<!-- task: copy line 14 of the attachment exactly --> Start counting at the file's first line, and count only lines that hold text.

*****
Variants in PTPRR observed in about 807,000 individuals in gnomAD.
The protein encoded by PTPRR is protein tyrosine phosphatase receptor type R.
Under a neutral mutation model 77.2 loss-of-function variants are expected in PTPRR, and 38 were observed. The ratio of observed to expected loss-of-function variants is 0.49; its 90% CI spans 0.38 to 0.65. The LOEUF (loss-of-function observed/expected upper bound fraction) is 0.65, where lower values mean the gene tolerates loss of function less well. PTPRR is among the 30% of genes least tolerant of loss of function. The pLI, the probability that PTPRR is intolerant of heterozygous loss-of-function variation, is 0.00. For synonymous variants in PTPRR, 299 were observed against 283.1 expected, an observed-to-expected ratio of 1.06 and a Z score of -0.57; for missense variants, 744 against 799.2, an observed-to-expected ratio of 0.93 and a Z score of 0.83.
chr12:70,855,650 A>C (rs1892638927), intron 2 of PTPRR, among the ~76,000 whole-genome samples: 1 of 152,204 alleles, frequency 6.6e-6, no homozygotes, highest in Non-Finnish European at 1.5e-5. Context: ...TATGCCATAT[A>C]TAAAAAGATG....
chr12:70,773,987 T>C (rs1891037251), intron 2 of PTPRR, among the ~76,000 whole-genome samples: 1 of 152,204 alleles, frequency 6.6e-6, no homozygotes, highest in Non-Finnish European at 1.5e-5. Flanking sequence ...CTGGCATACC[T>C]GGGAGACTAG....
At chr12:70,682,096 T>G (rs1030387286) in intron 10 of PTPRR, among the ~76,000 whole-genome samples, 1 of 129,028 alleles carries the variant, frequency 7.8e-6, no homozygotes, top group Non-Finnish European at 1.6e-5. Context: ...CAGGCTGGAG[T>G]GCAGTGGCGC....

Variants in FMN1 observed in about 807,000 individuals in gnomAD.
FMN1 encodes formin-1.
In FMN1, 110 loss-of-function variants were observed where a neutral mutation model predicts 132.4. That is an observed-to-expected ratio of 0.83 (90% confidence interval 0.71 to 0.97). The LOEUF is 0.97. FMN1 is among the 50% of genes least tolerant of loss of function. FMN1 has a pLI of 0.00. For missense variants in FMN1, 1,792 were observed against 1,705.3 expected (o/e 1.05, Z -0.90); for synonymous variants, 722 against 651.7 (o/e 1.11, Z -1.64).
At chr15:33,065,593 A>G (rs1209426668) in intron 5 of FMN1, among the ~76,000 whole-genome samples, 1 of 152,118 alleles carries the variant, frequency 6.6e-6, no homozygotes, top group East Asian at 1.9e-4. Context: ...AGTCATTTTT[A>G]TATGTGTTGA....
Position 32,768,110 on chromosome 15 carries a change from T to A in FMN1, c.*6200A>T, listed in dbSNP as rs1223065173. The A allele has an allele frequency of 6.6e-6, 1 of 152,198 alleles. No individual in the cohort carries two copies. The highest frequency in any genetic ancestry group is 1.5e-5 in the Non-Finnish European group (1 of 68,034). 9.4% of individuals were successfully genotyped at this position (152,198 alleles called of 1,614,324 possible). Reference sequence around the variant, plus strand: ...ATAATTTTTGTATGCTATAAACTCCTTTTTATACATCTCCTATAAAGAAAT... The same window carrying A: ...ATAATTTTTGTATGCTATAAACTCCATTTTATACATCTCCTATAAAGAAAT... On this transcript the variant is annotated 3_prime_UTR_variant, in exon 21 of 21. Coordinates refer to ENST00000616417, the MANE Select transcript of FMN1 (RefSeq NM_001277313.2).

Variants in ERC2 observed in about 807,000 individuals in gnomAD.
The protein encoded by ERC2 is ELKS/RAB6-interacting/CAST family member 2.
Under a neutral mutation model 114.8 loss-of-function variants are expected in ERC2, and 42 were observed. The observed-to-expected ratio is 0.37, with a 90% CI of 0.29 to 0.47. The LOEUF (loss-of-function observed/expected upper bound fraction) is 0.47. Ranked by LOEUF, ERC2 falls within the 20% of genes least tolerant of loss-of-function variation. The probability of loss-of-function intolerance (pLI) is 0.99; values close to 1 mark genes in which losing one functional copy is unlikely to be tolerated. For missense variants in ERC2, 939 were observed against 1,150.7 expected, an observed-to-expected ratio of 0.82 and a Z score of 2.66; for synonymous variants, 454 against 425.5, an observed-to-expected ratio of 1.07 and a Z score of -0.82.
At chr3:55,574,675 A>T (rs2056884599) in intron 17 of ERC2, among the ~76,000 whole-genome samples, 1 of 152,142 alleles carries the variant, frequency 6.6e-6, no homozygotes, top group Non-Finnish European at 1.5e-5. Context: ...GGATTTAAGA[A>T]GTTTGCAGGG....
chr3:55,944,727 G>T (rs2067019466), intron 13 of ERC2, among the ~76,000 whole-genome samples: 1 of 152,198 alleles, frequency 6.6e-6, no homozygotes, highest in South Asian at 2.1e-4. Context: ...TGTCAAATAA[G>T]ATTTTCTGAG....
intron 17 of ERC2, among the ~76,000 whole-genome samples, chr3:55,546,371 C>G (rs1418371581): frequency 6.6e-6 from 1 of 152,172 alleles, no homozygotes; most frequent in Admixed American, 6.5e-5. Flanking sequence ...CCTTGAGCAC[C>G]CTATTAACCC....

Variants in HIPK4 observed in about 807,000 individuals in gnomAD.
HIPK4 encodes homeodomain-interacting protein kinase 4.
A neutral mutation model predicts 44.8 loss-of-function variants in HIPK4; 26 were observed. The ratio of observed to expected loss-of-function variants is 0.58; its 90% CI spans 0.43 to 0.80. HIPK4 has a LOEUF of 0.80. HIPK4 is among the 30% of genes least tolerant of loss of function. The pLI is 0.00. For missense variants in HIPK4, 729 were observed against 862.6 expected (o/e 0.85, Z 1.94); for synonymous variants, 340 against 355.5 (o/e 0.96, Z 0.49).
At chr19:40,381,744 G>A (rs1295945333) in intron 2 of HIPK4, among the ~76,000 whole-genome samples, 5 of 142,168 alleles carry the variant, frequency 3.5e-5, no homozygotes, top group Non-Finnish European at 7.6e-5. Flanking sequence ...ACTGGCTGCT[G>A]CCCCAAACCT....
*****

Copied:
Under a neutral mutation model 114.8 loss-of-function variants are expected in ERC2, and 42 were observed. The observed-to-expected ratio is 0.37, with a 90% CI of 0.29 to 0.47. The LOEUF (loss-of-function observed/expected upper bound fraction) is 0.47. Ranked by LOEUF, ERC2 falls within the 20% of genes least tolerant of loss-of-function variation. The probability of loss-of-function intolerance (pLI) is 0.99; values close to 1 mark genes in which losing one functional copy is unlikely to be tolerated. For missense variants in ERC2, 939 were observed against 1,150.7 expected, an observed-to-expected ratio of 0.82 and a Z score of 2.66; for synonymous variants, 454 against 425.5, an observed-to-expected ratio of 1.07 and a Z score of -0.82.